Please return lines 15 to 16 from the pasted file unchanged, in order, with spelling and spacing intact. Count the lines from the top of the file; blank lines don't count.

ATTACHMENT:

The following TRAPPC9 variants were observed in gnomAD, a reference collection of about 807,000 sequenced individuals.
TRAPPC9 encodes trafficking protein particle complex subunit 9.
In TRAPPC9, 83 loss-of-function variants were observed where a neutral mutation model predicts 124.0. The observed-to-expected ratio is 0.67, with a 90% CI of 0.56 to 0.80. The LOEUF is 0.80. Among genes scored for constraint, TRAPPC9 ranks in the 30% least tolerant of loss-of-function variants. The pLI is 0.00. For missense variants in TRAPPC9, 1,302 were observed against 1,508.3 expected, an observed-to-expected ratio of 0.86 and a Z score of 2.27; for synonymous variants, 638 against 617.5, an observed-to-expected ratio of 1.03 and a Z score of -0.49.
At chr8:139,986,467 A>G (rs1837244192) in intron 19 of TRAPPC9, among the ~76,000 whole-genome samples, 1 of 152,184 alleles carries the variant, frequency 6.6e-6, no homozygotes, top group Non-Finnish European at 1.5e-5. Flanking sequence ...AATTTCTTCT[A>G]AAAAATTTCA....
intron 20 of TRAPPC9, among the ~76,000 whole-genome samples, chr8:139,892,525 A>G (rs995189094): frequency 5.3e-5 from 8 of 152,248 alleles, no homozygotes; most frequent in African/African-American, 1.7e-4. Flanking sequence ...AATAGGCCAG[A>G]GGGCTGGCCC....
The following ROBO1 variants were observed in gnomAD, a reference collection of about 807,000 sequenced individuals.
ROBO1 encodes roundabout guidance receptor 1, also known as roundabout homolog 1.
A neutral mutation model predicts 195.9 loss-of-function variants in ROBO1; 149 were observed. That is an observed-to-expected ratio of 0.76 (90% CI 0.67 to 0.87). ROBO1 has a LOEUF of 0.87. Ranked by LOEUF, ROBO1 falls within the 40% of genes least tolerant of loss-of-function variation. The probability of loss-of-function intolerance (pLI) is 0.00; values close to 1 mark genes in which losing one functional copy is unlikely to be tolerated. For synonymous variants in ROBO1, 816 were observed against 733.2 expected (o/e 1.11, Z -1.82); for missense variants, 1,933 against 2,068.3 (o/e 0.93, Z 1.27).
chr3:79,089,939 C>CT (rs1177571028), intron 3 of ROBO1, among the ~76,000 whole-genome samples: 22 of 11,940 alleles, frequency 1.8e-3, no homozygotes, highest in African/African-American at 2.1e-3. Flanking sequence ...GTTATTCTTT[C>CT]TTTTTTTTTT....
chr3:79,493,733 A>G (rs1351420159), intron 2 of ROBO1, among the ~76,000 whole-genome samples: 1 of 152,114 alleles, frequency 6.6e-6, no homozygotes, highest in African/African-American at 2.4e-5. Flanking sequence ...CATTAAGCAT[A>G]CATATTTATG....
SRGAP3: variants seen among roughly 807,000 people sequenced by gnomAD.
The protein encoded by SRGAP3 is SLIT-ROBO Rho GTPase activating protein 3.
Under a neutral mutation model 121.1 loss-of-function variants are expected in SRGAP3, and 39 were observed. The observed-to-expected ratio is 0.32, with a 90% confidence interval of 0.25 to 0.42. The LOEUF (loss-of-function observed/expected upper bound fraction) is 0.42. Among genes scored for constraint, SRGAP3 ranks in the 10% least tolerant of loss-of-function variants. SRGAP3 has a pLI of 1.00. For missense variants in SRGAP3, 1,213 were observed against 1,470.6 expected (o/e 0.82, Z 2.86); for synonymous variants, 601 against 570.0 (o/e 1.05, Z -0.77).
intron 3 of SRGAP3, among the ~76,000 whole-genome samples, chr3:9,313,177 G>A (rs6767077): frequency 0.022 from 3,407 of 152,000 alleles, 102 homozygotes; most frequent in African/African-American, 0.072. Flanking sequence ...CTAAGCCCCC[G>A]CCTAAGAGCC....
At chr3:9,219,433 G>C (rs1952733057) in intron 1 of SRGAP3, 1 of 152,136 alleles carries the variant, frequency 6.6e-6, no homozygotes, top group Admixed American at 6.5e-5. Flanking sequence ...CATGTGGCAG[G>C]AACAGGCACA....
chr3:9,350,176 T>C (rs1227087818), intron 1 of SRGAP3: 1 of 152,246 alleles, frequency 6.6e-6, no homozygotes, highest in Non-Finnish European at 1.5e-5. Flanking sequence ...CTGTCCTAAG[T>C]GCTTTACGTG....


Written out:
At chr3:9,219,433 G>C (rs1952733057) in intron 1 of SRGAP3, 1 of 152,136 alleles carries the variant, frequency 6.6e-6, no homozygotes, top group Admixed American at 6.5e-5. Flanking sequence ...CATGTGGCAG[G>C]AACAGGCACA....
chr3:9,350,176 T>C (rs1227087818), intron 1 of SRGAP3: 1 of 152,246 alleles, frequency 6.6e-6, no homozygotes, highest in Non-Finnish European at 1.5e-5. Flanking sequence ...CTGTCCTAAG[T>C]GCTTTACGTG....